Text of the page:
As the planet warms and the consequences of climate change continue to intensify, the need to develop solutions that will swiftly achieve deep carbon reductions is ever more pressing. Climate policy efforts are starting to see some success, but inaction and delays have motivated stakeholders to search for complementary solutions as well. A burgeoning fossil fuel divestment movement has thus emerged with the aim of spurring businesses to implement cleaner practices and invest in green innovation. The idea is that, since firms in pollution-intensive industries typically do not pay for all of the costs they impose on society, so-called dirty firms have little economic incentive to improve their environmental performance without intervention. The goal of divesting, then, is to starve these firms of capital unless they clean up their act. More than 1,500 institutions have committed to some form of divestment so far.1
Whether divestment will actually work comes down to whether it can put enough upward pressure on dirty firms’ cost of capital – that is, how much it costs to borrow money. My recent review of the existing literature (which is detailed in a chapter I wrote for an National Bureau of Economic Research book) suggests that the effects of divestment on the cost of capital might be quite small, raising questions about whether firms will sufficiently and quickly respond.2 Alternatively – and perhaps surprisingly – continuing to invest in pollution-intensive industries might offer a promising avenue toward hastening the transition to greener business practices under the right conditions.
Doing so requires knowing which strategies and management practices can actually steer firms in the right direction, though. I explore this open question in the chapter by analyzing the relationship between firms’ stated strategies for reducing their environmental footprint, if they have them, and environmental performance as measured by whether they are on track to meet the Paris Agreement emissions targets. I focus on large firms in 16 pollution-heavy industries, like oil and gas, cement, and steel. I find that a subset of strategies is linked to a firm being on track, but not all. Those that seem to make a difference involve integrating and aligning incentives throughout the organization rather than simple disclosure of emissions, such as tying environmental performance to executive compensation, using third-party verification of emissions data, and setting an internal price of carbon. While my study is descriptive and more research is certainly warranted, I hope this work can offer environmentally-minded investors some insights into how they can use markets for good – and to also offer a case study for how stakeholder capitalism can function in practice.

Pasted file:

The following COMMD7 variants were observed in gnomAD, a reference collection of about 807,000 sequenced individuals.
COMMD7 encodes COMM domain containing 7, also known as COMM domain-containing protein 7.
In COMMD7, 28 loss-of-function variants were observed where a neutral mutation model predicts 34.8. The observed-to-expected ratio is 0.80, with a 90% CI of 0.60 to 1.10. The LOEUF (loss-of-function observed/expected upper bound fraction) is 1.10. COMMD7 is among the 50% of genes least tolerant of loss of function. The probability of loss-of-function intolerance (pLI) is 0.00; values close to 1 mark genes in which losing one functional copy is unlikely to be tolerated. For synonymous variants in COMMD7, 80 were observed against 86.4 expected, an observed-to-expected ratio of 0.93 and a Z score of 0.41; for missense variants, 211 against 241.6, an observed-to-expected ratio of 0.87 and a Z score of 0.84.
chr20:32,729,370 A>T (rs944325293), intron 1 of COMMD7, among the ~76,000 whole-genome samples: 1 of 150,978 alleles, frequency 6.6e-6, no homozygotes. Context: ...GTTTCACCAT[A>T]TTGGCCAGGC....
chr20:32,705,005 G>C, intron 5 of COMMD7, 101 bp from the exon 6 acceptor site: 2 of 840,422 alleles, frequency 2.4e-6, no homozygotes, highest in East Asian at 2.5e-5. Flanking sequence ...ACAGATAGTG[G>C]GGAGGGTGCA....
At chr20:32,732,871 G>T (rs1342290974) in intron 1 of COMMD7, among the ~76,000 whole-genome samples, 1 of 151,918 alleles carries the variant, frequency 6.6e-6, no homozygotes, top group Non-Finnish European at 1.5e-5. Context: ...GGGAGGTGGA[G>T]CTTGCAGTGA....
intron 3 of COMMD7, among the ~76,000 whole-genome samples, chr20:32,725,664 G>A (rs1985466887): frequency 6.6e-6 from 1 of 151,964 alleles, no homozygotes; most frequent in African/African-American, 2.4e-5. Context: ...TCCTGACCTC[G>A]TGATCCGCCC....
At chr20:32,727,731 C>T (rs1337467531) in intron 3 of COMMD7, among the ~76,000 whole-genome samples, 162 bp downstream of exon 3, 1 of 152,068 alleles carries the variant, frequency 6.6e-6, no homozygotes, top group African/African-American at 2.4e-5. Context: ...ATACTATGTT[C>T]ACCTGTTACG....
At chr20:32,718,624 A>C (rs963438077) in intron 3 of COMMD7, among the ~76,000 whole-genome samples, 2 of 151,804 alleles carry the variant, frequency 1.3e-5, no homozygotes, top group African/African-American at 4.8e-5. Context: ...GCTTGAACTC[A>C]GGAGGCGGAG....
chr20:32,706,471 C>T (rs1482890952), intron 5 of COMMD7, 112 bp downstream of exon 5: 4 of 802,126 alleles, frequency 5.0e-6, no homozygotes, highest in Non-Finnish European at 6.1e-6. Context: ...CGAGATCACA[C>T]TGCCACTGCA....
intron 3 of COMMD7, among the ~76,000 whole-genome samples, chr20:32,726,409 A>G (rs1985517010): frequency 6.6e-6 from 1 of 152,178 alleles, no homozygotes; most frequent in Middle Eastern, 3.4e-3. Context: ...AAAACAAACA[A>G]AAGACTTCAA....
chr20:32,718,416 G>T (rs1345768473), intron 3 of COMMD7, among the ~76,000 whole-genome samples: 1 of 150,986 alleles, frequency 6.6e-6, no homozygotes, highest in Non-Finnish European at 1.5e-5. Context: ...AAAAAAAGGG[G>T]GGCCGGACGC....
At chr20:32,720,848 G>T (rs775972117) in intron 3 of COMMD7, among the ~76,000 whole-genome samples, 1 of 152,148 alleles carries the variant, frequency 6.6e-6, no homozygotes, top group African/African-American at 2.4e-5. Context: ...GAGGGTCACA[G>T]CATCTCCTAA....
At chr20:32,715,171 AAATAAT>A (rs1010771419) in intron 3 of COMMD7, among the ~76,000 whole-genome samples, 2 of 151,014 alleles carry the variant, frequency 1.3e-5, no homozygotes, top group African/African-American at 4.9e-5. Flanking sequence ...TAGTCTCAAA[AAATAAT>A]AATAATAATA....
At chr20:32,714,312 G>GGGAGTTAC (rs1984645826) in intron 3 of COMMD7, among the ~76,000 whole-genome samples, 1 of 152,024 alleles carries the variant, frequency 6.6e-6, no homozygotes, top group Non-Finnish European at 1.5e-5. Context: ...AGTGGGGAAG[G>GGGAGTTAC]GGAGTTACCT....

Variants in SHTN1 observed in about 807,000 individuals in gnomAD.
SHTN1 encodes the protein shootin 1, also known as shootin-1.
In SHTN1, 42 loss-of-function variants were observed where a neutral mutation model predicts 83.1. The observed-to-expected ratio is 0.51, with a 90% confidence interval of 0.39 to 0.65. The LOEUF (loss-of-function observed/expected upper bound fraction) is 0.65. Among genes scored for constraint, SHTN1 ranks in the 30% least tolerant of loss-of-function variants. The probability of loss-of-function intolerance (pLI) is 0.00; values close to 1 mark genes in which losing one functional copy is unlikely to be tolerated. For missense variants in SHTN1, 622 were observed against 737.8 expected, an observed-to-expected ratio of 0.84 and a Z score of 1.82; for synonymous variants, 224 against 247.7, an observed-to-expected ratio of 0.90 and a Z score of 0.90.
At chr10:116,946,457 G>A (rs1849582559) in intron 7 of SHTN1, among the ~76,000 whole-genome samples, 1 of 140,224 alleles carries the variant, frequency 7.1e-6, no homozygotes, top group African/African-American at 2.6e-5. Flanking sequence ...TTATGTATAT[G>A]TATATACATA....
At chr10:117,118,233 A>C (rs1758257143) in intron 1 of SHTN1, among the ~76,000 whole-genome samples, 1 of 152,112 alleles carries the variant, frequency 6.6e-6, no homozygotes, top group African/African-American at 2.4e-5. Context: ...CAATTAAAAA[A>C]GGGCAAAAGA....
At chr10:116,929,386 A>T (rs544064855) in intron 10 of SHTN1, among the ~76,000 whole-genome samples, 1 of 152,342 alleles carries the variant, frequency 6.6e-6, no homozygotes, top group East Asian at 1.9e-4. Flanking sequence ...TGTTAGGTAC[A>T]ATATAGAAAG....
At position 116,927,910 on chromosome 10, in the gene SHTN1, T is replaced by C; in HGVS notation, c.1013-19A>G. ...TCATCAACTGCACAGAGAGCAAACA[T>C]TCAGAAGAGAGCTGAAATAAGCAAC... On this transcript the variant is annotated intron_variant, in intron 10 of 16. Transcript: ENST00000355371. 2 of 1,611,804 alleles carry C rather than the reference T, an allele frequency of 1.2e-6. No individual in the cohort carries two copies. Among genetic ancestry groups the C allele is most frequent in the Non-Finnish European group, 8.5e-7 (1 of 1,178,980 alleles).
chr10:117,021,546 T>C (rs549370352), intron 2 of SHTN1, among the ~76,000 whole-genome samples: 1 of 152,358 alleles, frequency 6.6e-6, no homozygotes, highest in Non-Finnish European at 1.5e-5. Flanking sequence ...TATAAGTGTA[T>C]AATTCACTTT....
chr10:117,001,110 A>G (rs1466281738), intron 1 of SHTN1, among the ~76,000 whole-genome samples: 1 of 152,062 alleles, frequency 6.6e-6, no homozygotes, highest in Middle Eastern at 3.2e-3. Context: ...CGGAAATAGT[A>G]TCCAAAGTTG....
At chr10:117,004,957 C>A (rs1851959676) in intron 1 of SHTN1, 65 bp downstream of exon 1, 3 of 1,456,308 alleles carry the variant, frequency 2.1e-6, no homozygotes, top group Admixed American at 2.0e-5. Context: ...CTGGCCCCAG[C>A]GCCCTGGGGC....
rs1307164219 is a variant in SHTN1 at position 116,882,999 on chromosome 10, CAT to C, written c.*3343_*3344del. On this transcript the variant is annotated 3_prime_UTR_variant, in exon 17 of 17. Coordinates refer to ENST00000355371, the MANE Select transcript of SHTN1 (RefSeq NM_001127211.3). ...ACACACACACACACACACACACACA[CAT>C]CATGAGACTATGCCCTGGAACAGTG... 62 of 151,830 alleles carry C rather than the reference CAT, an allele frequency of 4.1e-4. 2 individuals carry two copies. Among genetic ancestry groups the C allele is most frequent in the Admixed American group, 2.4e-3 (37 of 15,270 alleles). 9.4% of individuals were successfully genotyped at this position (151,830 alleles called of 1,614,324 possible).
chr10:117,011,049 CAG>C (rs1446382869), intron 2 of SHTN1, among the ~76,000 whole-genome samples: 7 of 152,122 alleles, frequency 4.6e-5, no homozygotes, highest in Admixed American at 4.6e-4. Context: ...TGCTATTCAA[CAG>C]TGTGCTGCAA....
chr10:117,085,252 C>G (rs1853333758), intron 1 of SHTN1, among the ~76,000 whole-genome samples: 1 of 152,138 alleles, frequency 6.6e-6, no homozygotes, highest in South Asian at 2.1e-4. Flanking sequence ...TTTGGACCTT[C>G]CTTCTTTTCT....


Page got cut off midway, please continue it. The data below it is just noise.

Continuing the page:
Innovation that has the potential to drive innovation for social progress – innovation that protects the planet and people, such as new green energy technology – is characterized by a unique “double-externality” challenge. The first is common to innovation of all stripes: knowledge spillovers. When one organization innovates, others can build upon it and “stand on the shoulders of giants,” as the famous saying goes. Henry Ford’s creation of the automobile assembly line is one example, as it became a model that his competitors would eventually capitalize on and employ themselves. The inability to fully capture the value created by one’s innovation can dampen the incentive to invest in such pursuits.3
The second externality relates to the harm pollution causes and the societal benefits that come with decreasing it. For example, cleaner energy sources increase global welfare by reducing the environmental impact of producing and consuming various products, but their prices (and thus returns from investing in them) often do not fully reflect these benefits. This further dampens the incentive for firms, individuals, and institutions to invest in pollution-reducing technologies or processes rather than the “dirty” status quo. In other words, it is this externality that can impact the direction of innovation.
These challenges (or “market failures,” in dry economics language) are typically invoked to justify government intervention. Putting a price on carbon, for example, would increase the price of dirty fuels and could reduce demand for them. But climate policy historically has been highly uncertain and controversial, and the social costs generated from producing and consuming dirty fuels are not yet internalized in most parts of the world.